Gamma TNT Live Wire XP
    Tecnifibre NRG17
    Tecnifibre TrC 16 or 17
    Wilson NXT 17 or 16
    Wilson NXT Tour *
    Wilson Sensation

  7. #7
    Join Date
    Dec 2006
    Austin, TX
    In addition to the good advice posted above, for strings, natural gut is great for the elbow. It's the priciest of the strings, though. You may want to do a hybrid - half gut, half somethign else. Or, just look for a multi-filiment. These strings will have more "give" in them.

  8. #8
    Join Date
    Jun 2006
    Louisville, KY
    Good point about the gut hybrid. Good multifilament strings run $10-$15. You can get a gut hybrid like Klip Adrenalin or Klip Lightning for only a few dollars more $18-$22. This doesn't include the cost of stringing.

  9. #9
    Sharkd Guest
    You guys are really helpful. Following your advise this is what I did.

    I got myself a Price 03 blue (new $102) thinking on the mis-hits and my elbow & 3 sets of wilson NXT Tour ($11 ea.)

    -Do you know if this racquet is more flexible than the Babolat PD that I was looking at 1st.?
    -Now I like to know your opinion on wich tension should I try with this combination.
    Thanks again.

  10. #10
    Join Date
    Jun 2006
    Louisville, KY
    The 03 Blue is a nice racquet. I usually recommend tension in the middle range to start and see how that feels. You can then adjust if needed when it's time to restring. The 03 Blue range is 55-65 so 60 would be a good start.

  11. #11
    Join Date
    Dec 2006
    Austin, TX
    wow, great price on the racket. Where did you find that at?

    I strung my blue at the higher range - 60-63, hoping for more control at the net, but didnt' really like it that much. My most recent stringing was at 56, and I'm enjoying it a lot more in terms of getting spin on the ball and a bit more power. Just keep notes and adjust your setup as you play more and get experienced with the gear.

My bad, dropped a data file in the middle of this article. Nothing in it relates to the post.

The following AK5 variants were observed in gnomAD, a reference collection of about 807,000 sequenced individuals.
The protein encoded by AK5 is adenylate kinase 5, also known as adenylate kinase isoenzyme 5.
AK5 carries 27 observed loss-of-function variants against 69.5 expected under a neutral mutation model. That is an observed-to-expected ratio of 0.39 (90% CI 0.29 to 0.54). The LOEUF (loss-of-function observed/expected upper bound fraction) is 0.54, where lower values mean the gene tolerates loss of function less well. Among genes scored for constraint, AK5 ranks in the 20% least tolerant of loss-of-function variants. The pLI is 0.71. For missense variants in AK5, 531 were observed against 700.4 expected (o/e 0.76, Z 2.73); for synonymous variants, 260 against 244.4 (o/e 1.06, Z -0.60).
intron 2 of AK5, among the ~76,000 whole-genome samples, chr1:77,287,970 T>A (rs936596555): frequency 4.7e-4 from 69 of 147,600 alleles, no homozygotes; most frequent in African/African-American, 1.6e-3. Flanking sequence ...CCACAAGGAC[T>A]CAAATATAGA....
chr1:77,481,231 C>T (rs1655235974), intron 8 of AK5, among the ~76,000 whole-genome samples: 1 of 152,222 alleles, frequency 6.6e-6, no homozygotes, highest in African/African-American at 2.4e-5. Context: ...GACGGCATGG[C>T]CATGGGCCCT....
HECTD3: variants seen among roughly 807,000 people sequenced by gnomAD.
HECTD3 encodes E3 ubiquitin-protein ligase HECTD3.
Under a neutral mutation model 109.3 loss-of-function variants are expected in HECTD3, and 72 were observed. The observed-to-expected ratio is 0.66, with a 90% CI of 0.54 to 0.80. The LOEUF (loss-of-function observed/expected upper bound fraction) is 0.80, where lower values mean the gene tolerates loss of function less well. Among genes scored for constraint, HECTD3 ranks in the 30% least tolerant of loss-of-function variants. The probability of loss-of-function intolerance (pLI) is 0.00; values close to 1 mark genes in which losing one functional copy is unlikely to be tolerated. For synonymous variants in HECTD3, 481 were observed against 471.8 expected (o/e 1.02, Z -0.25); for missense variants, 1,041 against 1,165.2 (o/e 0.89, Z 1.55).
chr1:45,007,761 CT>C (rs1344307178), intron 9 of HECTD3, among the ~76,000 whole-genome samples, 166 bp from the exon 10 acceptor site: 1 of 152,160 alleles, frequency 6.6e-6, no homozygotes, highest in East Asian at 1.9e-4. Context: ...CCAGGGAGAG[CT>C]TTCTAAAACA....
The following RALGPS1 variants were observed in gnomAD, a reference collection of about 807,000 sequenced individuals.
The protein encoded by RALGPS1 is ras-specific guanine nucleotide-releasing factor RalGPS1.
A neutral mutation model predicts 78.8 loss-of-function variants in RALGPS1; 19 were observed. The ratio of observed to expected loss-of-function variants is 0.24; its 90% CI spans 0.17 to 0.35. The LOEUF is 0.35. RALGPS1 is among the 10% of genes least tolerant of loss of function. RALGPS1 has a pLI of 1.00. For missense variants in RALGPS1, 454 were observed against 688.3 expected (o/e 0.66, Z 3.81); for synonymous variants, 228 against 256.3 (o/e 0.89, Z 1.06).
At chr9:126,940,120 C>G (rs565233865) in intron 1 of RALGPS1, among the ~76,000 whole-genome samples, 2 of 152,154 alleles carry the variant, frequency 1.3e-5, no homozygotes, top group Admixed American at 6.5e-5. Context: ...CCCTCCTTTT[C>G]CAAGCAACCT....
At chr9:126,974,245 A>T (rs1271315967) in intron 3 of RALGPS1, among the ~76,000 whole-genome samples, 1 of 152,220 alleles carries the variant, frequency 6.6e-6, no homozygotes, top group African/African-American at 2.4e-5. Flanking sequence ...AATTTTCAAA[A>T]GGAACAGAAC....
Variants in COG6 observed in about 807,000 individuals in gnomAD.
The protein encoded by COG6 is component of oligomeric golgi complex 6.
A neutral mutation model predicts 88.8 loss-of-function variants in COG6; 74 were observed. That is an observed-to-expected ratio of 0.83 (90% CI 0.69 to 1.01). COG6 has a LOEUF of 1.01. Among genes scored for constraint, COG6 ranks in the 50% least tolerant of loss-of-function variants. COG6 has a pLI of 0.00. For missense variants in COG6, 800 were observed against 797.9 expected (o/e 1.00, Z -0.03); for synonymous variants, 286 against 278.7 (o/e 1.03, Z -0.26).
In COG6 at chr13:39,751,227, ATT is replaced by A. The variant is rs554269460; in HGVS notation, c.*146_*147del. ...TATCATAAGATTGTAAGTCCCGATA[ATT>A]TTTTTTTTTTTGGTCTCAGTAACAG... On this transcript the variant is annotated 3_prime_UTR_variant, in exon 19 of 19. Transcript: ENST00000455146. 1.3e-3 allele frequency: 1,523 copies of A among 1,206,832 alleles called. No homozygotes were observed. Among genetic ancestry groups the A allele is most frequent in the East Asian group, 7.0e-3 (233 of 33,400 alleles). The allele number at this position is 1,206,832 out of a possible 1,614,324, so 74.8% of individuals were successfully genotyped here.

12. #12
    Sharkd Guest
    I got both things on Ebay. Here is the link to that seller. They have more.

    I didn't know that you own that racquet. Are you happy?

  13. #13
    Join Date
    Dec 2006
    Austin, TX
    I love the Prince O3's. I started out with the Blue, but I play a lot of doubles and am aggressive at the net. I found the Blue wasn't quite giving me the control I wanted. So I moved to the Prince O3 Red. Almost the same...the length is just .25" small, and the head size is 105 instead of 110. Not a huge change, but I feel better at the net now. I lost some power, but not enough to cause me too many worries.

    In singles, I'd probably still prefer the Blue because it's more forgiving, but am forcing myself to play with the Red to become better with the smaller head size. However, my partner now uses the Blue and loves it.

    I love the O3 line because of their small increments. It's so much easier to fine-tune exactly what you want in a racket!